Today, the Tribune-Review republished an essay previously published by the Christian Science Monitor by a "research fellow with The Independent Institute" named William J Watkins.
The title of the piece (in big bold letters, mind you) is:
Congress can not regulate guns at allAnd before you ask, Watkins does not take the position that Congress is incapable of regulating guns in the sense that Congress can regulate guns but just isn't able to do it correctly. No, he questions whether they're have the authority to do so. Much in the same way that there's nothing legally prohibiting me from, say, doing calculus, I'm just not able to - or at least not able to do it well enough to be able to say I succeed at it.
No, Watkins posits that Congress lacks the authority to regulate guns. He writes:
Does Congress even have the right to regulate or ban guns? Where does Congress derive the power to prohibit ownership or manufacture of certain weapons or magazines? The Second Amendment of the Constitution clearly states: “A well regulated militia being necessary to the security of a free state, the right of the people to keep and bear arms shall not be infringed.” And as James Madison wrote in Federalist Paper No. 45, “The powers delegated ... to the Federal Government are few and defined.” The Supreme Court has consistently upheld the individual's right to bear arms.The only problem with Watkins' column is how he justifies his skepticism that Congress has the authority to regulate:
Of course, Congress has passed laws that ban guns, and many experts feel the courts have upheld the legality of some regulation and restriction of gun ownership. But the fact that the federal government has taken an action in the past does not itself answer the question about the authority for, or legitimacy of, the action.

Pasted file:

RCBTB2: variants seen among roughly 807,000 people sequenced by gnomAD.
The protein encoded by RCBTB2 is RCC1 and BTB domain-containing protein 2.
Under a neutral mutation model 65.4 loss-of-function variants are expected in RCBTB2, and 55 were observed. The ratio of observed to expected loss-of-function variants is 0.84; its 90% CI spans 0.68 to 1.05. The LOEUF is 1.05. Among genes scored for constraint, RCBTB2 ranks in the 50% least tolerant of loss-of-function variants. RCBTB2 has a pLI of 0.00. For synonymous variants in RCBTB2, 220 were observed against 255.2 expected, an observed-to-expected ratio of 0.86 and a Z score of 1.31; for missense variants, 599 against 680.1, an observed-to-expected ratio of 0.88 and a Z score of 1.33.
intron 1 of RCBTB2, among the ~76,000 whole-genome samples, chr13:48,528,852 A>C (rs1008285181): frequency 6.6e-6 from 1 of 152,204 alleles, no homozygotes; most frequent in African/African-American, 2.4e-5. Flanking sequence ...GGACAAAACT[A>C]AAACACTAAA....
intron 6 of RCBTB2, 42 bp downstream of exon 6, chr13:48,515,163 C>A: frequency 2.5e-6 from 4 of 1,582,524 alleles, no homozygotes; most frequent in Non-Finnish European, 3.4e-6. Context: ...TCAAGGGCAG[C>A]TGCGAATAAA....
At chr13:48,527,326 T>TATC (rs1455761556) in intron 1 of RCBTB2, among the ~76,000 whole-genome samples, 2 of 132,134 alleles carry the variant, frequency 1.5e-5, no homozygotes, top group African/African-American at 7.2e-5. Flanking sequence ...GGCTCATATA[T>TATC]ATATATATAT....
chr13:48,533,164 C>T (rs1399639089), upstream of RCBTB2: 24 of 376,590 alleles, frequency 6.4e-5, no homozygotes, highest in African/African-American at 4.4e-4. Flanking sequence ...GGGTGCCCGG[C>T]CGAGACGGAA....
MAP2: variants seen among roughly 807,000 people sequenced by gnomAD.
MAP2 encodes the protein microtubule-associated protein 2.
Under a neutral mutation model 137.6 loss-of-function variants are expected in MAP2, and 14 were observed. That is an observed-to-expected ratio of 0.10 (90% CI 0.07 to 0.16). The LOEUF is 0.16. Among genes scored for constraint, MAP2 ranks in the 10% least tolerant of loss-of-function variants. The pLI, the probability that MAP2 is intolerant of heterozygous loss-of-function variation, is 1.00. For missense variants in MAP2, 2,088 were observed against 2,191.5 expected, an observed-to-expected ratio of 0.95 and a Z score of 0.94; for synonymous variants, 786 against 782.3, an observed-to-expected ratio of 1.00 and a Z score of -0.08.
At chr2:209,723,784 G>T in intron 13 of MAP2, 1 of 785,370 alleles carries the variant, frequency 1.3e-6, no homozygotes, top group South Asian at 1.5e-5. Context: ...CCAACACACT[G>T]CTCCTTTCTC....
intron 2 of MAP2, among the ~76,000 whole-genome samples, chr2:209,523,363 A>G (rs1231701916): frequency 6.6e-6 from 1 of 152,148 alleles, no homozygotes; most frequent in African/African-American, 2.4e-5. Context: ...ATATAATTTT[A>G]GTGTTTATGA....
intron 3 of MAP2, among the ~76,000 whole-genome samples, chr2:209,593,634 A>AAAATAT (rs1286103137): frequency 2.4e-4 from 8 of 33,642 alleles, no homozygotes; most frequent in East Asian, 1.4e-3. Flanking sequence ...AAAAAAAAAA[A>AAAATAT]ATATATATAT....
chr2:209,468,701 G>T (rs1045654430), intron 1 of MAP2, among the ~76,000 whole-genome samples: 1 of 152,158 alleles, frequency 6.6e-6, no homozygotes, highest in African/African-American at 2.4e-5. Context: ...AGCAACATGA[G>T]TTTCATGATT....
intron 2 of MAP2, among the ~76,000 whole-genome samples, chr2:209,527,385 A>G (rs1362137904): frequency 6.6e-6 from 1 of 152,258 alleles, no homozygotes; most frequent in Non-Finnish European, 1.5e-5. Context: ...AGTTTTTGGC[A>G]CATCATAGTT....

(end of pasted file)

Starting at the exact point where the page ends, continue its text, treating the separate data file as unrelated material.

In the landmark case District of Columbia v. Heller (2008), the Supreme Court recognized an individual right to bear arms, but also opined in dicta that certain “longstanding prohibitions” remained good law. The court specifically mentioned laws prohibiting felons or the mentally ill from carrying weapons.Too bad for our friendly neighborhood Research Fellow at the Independent Institute but Heller gives an answer as to whether our 2nd Amendment rights are limited or unlimited - whether Congress can or can not regulate guns (even outside of the "longstanding prohibitions" Watkins notes).
There seems to us no doubt, on the basis of both text and history, that the Second Amendment conferred an individual right to keep and bear arms. Of course the right was not unlimited, just as the First Amendment ’s right of free speech was not, see, e.g., United States v. Williams, 553 U. S. ___ (2008). Thus, we do not read the Second Amendment to protect the right of citizens to carry arms for any sort of confrontation, just as we do not read the First Amendment to protect the right of citizens to speak for any purpose. [Emphasis added.]So there are limits - what they are must be defined legislatively, I suppose. But wait if that's the case, then CONGRESS CAN REGULATE GUNS, Mr Watkins.
Is this the best the Trib can do?